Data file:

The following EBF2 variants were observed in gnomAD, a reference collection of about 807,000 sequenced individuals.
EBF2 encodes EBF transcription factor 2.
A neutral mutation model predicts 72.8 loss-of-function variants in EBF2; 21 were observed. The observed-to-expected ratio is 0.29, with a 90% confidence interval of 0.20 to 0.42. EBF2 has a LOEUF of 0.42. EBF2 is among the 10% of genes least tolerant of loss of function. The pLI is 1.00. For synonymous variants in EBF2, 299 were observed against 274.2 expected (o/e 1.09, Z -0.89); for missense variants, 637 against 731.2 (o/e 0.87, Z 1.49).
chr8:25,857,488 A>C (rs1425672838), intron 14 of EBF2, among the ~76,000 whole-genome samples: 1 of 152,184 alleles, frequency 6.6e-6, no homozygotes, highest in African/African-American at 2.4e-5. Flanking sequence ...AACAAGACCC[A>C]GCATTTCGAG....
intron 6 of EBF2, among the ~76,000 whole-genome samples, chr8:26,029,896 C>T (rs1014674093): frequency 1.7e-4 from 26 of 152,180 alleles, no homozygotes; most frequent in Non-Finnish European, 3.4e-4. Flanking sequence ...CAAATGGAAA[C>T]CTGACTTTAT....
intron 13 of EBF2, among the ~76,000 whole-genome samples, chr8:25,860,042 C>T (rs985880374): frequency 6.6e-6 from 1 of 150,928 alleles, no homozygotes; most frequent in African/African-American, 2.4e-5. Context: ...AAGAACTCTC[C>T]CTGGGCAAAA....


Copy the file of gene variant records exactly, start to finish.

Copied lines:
The following EBF2 variants were observed in gnomAD, a reference collection of about 807,000 sequenced individuals.
EBF2 encodes EBF transcription factor 2.
A neutral mutation model predicts 72.8 loss-of-function variants in EBF2; 21 were observed. The observed-to-expected ratio is 0.29, with a 90% confidence interval of 0.20 to 0.42. EBF2 has a LOEUF of 0.42. EBF2 is among the 10% of genes least tolerant of loss of function. The pLI is 1.00. For synonymous variants in EBF2, 299 were observed against 274.2 expected (o/e 1.09, Z -0.89); for missense variants, 637 against 731.2 (o/e 0.87, Z 1.49).
chr8:25,857,488 A>C (rs1425672838), intron 14 of EBF2, among the ~76,000 whole-genome samples: 1 of 152,184 alleles, frequency 6.6e-6, no homozygotes, highest in African/African-American at 2.4e-5. Flanking sequence ...AACAAGACCC[A>C]GCATTTCGAG....
intron 6 of EBF2, among the ~76,000 whole-genome samples, chr8:26,029,896 C>T (rs1014674093): frequency 1.7e-4 from 26 of 152,180 alleles, no homozygotes; most frequent in Non-Finnish European, 3.4e-4. Flanking sequence ...CAAATGGAAA[C>T]CTGACTTTAT....
intron 13 of EBF2, among the ~76,000 whole-genome samples, chr8:25,860,042 C>T (rs985880374): frequency 6.6e-6 from 1 of 150,928 alleles, no homozygotes; most frequent in African/African-American, 2.4e-5. Context: ...AAGAACTCTC[C>T]CTGGGCAAAA....